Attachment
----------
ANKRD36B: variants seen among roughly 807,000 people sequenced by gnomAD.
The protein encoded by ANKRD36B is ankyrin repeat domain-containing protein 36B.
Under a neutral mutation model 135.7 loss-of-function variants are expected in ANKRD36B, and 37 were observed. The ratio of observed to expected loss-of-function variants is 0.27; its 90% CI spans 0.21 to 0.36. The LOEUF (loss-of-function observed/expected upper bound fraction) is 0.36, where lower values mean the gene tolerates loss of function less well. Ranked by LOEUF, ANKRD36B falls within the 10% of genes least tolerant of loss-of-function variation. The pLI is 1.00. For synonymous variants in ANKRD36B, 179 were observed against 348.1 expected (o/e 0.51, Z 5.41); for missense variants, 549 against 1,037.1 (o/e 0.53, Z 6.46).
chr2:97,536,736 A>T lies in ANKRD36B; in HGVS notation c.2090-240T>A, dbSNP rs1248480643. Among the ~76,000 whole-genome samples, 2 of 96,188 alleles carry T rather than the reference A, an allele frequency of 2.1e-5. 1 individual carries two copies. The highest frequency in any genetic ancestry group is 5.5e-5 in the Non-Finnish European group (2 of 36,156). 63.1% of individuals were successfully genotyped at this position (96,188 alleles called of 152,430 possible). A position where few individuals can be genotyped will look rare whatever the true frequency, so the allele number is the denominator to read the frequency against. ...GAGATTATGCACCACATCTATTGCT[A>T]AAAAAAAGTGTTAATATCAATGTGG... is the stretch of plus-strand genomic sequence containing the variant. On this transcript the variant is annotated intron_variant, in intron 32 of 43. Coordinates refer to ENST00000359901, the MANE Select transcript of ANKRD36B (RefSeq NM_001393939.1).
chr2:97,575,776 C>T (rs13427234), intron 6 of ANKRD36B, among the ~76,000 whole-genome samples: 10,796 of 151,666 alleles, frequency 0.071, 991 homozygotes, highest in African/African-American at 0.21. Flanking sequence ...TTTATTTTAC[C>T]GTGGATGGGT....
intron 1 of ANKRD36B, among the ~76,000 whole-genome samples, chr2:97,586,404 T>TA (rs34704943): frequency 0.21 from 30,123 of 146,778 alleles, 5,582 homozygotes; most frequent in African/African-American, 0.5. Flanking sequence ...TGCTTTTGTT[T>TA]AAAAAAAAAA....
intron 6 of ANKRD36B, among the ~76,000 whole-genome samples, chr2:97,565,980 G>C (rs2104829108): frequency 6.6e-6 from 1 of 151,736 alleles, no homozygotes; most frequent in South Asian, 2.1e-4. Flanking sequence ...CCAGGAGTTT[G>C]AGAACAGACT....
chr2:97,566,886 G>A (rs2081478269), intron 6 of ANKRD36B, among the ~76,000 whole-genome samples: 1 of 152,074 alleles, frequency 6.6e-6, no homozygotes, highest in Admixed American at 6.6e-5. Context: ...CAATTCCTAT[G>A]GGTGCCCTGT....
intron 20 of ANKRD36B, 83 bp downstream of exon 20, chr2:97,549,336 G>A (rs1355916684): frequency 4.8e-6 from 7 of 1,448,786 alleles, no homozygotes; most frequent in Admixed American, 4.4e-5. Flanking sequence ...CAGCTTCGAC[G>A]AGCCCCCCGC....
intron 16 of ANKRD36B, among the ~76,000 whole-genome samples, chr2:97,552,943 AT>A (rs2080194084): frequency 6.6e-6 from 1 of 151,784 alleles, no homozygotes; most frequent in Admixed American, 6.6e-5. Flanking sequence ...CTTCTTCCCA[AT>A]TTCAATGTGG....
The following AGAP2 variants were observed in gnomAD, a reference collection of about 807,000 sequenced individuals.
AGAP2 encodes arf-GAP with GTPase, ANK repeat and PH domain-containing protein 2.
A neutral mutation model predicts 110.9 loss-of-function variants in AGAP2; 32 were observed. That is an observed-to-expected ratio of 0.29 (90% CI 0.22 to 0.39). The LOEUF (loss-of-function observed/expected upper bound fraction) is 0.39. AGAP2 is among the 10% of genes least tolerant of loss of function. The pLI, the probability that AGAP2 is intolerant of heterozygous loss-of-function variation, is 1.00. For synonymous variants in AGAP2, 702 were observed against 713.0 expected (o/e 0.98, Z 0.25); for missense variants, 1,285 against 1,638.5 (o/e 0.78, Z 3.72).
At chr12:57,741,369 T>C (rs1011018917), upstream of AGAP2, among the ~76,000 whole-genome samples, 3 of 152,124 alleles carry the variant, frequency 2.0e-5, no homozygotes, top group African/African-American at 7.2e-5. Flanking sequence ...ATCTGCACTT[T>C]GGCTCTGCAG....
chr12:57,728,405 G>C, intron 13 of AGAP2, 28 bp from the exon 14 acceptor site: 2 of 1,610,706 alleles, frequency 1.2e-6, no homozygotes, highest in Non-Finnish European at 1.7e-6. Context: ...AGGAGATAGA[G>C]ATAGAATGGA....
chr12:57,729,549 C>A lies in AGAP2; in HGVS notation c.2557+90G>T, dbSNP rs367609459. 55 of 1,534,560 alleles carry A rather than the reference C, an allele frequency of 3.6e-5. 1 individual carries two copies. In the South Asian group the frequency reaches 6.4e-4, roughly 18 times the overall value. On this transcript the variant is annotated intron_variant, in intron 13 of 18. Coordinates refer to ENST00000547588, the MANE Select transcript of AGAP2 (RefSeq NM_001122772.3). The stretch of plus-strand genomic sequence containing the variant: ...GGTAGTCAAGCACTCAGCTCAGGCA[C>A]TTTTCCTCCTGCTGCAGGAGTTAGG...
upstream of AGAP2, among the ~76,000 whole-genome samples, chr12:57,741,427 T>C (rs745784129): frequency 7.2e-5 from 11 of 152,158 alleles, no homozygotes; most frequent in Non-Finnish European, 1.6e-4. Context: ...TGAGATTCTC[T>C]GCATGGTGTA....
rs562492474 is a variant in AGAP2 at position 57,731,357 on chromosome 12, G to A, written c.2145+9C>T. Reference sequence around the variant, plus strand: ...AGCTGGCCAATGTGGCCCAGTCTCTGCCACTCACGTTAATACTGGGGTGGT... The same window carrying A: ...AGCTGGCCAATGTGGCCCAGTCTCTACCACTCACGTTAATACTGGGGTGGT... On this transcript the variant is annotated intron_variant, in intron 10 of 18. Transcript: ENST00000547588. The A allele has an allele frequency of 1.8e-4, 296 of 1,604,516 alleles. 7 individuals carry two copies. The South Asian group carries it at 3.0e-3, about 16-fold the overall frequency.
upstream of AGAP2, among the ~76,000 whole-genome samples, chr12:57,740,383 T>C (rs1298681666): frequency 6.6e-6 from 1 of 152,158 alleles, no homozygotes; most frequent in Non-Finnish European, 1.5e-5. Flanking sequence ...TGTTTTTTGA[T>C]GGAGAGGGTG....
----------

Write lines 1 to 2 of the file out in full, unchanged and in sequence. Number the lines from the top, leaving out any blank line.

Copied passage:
ANKRD36B: variants seen among roughly 807,000 people sequenced by gnomAD.
The protein encoded by ANKRD36B is ankyrin repeat domain-containing protein 36B.